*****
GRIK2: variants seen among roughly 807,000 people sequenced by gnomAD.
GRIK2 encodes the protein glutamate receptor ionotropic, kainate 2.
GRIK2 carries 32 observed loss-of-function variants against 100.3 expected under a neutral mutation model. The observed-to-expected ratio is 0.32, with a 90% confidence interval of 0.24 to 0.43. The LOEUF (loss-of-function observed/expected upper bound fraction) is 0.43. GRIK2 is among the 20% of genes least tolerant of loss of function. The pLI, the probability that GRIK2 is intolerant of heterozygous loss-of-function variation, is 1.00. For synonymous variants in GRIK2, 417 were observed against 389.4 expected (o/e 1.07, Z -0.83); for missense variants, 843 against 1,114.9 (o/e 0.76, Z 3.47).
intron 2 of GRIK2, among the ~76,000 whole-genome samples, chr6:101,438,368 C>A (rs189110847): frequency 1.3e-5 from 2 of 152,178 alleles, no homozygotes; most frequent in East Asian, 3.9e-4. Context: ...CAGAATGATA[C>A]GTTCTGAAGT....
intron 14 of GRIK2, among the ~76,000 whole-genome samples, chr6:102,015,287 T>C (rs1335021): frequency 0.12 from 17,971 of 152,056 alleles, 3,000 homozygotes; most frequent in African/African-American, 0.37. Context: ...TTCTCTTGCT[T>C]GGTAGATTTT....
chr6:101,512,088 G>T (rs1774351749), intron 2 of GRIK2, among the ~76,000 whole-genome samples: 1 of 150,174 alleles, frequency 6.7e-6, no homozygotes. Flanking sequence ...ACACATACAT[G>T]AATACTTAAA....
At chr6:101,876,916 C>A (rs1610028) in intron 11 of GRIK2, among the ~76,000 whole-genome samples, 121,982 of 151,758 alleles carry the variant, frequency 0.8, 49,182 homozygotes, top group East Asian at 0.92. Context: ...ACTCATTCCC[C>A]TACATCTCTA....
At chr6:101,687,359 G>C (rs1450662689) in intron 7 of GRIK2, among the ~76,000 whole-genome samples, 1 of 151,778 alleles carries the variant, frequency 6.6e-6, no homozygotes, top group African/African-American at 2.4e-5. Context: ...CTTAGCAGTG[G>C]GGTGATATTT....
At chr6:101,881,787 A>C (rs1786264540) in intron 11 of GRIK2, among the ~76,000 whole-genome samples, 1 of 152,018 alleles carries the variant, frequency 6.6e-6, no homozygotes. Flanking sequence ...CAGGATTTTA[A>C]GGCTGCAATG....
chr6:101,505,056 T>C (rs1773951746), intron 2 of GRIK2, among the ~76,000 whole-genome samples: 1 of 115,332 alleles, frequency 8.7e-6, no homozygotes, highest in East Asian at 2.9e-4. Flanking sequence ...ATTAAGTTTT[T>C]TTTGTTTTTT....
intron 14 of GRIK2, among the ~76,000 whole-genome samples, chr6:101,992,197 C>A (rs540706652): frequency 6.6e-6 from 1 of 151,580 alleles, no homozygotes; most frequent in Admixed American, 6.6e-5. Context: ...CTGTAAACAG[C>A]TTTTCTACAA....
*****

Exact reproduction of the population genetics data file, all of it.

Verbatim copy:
GRIK2: variants seen among roughly 807,000 people sequenced by gnomAD.
GRIK2 encodes the protein glutamate receptor ionotropic, kainate 2.
GRIK2 carries 32 observed loss-of-function variants against 100.3 expected under a neutral mutation model. The observed-to-expected ratio is 0.32, with a 90% confidence interval of 0.24 to 0.43. The LOEUF (loss-of-function observed/expected upper bound fraction) is 0.43. GRIK2 is among the 20% of genes least tolerant of loss of function. The pLI, the probability that GRIK2 is intolerant of heterozygous loss-of-function variation, is 1.00. For synonymous variants in GRIK2, 417 were observed against 389.4 expected (o/e 1.07, Z -0.83); for missense variants, 843 against 1,114.9 (o/e 0.76, Z 3.47).
intron 2 of GRIK2, among the ~76,000 whole-genome samples, chr6:101,438,368 C>A (rs189110847): frequency 1.3e-5 from 2 of 152,178 alleles, no homozygotes; most frequent in East Asian, 3.9e-4. Context: ...CAGAATGATA[C>A]GTTCTGAAGT....
intron 14 of GRIK2, among the ~76,000 whole-genome samples, chr6:102,015,287 T>C (rs1335021): frequency 0.12 from 17,971 of 152,056 alleles, 3,000 homozygotes; most frequent in African/African-American, 0.37. Context: ...TTCTCTTGCT[T>C]GGTAGATTTT....
chr6:101,512,088 G>T (rs1774351749), intron 2 of GRIK2, among the ~76,000 whole-genome samples: 1 of 150,174 alleles, frequency 6.7e-6, no homozygotes. Flanking sequence ...ACACATACAT[G>T]AATACTTAAA....
At chr6:101,876,916 C>A (rs1610028) in intron 11 of GRIK2, among the ~76,000 whole-genome samples, 121,982 of 151,758 alleles carry the variant, frequency 0.8, 49,182 homozygotes, top group East Asian at 0.92. Context: ...ACTCATTCCC[C>A]TACATCTCTA....
At chr6:101,687,359 G>C (rs1450662689) in intron 7 of GRIK2, among the ~76,000 whole-genome samples, 1 of 151,778 alleles carries the variant, frequency 6.6e-6, no homozygotes, top group African/African-American at 2.4e-5. Context: ...CTTAGCAGTG[G>C]GGTGATATTT....
At chr6:101,881,787 A>C (rs1786264540) in intron 11 of GRIK2, among the ~76,000 whole-genome samples, 1 of 152,018 alleles carries the variant, frequency 6.6e-6, no homozygotes. Flanking sequence ...CAGGATTTTA[A>C]GGCTGCAATG....
chr6:101,505,056 T>C (rs1773951746), intron 2 of GRIK2, among the ~76,000 whole-genome samples: 1 of 115,332 alleles, frequency 8.7e-6, no homozygotes, highest in East Asian at 2.9e-4. Flanking sequence ...ATTAAGTTTT[T>C]TTTGTTTTTT....
intron 14 of GRIK2, among the ~76,000 whole-genome samples, chr6:101,992,197 C>A (rs540706652): frequency 6.6e-6 from 1 of 151,580 alleles, no homozygotes; most frequent in Admixed American, 6.6e-5. Context: ...CTGTAAACAG[C>A]TTTTCTACAA....